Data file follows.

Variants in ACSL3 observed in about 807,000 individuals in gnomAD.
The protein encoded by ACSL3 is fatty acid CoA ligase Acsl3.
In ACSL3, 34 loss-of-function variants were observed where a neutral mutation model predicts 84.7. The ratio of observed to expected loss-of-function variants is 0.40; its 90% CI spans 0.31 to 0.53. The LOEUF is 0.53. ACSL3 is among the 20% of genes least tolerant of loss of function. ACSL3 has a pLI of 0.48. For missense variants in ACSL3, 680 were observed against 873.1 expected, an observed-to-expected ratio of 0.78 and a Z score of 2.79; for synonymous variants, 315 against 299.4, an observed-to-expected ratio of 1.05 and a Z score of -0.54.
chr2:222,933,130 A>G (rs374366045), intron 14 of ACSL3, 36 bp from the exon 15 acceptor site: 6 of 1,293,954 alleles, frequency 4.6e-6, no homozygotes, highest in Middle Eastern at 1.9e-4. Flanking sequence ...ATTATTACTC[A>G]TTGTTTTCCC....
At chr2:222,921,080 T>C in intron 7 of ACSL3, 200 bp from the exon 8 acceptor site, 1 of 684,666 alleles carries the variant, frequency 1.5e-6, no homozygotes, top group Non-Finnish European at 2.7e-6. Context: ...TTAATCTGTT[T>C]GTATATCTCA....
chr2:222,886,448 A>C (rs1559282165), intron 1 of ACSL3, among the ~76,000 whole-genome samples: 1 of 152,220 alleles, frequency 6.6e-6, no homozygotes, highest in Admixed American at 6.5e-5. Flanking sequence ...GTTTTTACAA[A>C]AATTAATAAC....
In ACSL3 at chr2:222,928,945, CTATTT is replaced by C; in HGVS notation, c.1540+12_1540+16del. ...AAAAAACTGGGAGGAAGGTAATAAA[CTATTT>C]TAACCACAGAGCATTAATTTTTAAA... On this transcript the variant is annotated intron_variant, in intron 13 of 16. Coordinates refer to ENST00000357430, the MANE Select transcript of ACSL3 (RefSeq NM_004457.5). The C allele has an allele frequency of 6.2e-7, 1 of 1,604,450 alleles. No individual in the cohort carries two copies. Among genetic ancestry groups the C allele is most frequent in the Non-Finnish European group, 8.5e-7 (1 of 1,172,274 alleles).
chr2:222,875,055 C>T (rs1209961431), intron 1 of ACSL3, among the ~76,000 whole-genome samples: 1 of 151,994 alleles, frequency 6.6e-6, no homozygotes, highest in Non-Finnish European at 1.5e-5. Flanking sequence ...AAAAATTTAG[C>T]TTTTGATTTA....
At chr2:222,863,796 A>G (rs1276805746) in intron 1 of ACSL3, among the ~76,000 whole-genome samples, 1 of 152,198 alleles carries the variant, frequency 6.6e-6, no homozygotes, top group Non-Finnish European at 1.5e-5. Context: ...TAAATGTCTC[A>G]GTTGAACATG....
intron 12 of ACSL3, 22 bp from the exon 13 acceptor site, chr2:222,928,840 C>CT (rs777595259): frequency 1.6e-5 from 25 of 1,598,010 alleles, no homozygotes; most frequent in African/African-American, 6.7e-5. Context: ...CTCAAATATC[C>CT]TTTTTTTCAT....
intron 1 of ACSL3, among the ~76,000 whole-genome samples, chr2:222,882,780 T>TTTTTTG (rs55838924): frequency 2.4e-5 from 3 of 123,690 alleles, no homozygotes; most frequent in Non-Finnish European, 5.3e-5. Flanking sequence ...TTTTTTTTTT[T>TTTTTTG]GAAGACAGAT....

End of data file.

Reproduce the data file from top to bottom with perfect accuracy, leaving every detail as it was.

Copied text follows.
Variants in ACSL3 observed in about 807,000 individuals in gnomAD.
The protein encoded by ACSL3 is fatty acid CoA ligase Acsl3.
In ACSL3, 34 loss-of-function variants were observed where a neutral mutation model predicts 84.7. The ratio of observed to expected loss-of-function variants is 0.40; its 90% CI spans 0.31 to 0.53. The LOEUF is 0.53. ACSL3 is among the 20% of genes least tolerant of loss of function. ACSL3 has a pLI of 0.48. For missense variants in ACSL3, 680 were observed against 873.1 expected, an observed-to-expected ratio of 0.78 and a Z score of 2.79; for synonymous variants, 315 against 299.4, an observed-to-expected ratio of 1.05 and a Z score of -0.54.
chr2:222,933,130 A>G (rs374366045), intron 14 of ACSL3, 36 bp from the exon 15 acceptor site: 6 of 1,293,954 alleles, frequency 4.6e-6, no homozygotes, highest in Middle Eastern at 1.9e-4. Flanking sequence ...ATTATTACTC[A>G]TTGTTTTCCC....
At chr2:222,921,080 T>C in intron 7 of ACSL3, 200 bp from the exon 8 acceptor site, 1 of 684,666 alleles carries the variant, frequency 1.5e-6, no homozygotes, top group Non-Finnish European at 2.7e-6. Context: ...TTAATCTGTT[T>C]GTATATCTCA....
chr2:222,886,448 A>C (rs1559282165), intron 1 of ACSL3, among the ~76,000 whole-genome samples: 1 of 152,220 alleles, frequency 6.6e-6, no homozygotes, highest in Admixed American at 6.5e-5. Flanking sequence ...GTTTTTACAA[A>C]AATTAATAAC....
In ACSL3 at chr2:222,928,945, CTATTT is replaced by C; in HGVS notation, c.1540+12_1540+16del. ...AAAAAACTGGGAGGAAGGTAATAAA[CTATTT>C]TAACCACAGAGCATTAATTTTTAAA... On this transcript the variant is annotated intron_variant, in intron 13 of 16. Coordinates refer to ENST00000357430, the MANE Select transcript of ACSL3 (RefSeq NM_004457.5). The C allele has an allele frequency of 6.2e-7, 1 of 1,604,450 alleles. No individual in the cohort carries two copies. Among genetic ancestry groups the C allele is most frequent in the Non-Finnish European group, 8.5e-7 (1 of 1,172,274 alleles).
chr2:222,875,055 C>T (rs1209961431), intron 1 of ACSL3, among the ~76,000 whole-genome samples: 1 of 151,994 alleles, frequency 6.6e-6, no homozygotes, highest in Non-Finnish European at 1.5e-5. Flanking sequence ...AAAAATTTAG[C>T]TTTTGATTTA....
At chr2:222,863,796 A>G (rs1276805746) in intron 1 of ACSL3, among the ~76,000 whole-genome samples, 1 of 152,198 alleles carries the variant, frequency 6.6e-6, no homozygotes, top group Non-Finnish European at 1.5e-5. Context: ...TAAATGTCTC[A>G]GTTGAACATG....
intron 12 of ACSL3, 22 bp from the exon 13 acceptor site, chr2:222,928,840 C>CT (rs777595259): frequency 1.6e-5 from 25 of 1,598,010 alleles, no homozygotes; most frequent in African/African-American, 6.7e-5. Context: ...CTCAAATATC[C>CT]TTTTTTTCAT....
intron 1 of ACSL3, among the ~76,000 whole-genome samples, chr2:222,882,780 T>TTTTTTG (rs55838924): frequency 2.4e-5 from 3 of 123,690 alleles, no homozygotes; most frequent in Non-Finnish European, 5.3e-5. Flanking sequence ...TTTTTTTTTT[T>TTTTTTG]GAAGACAGAT....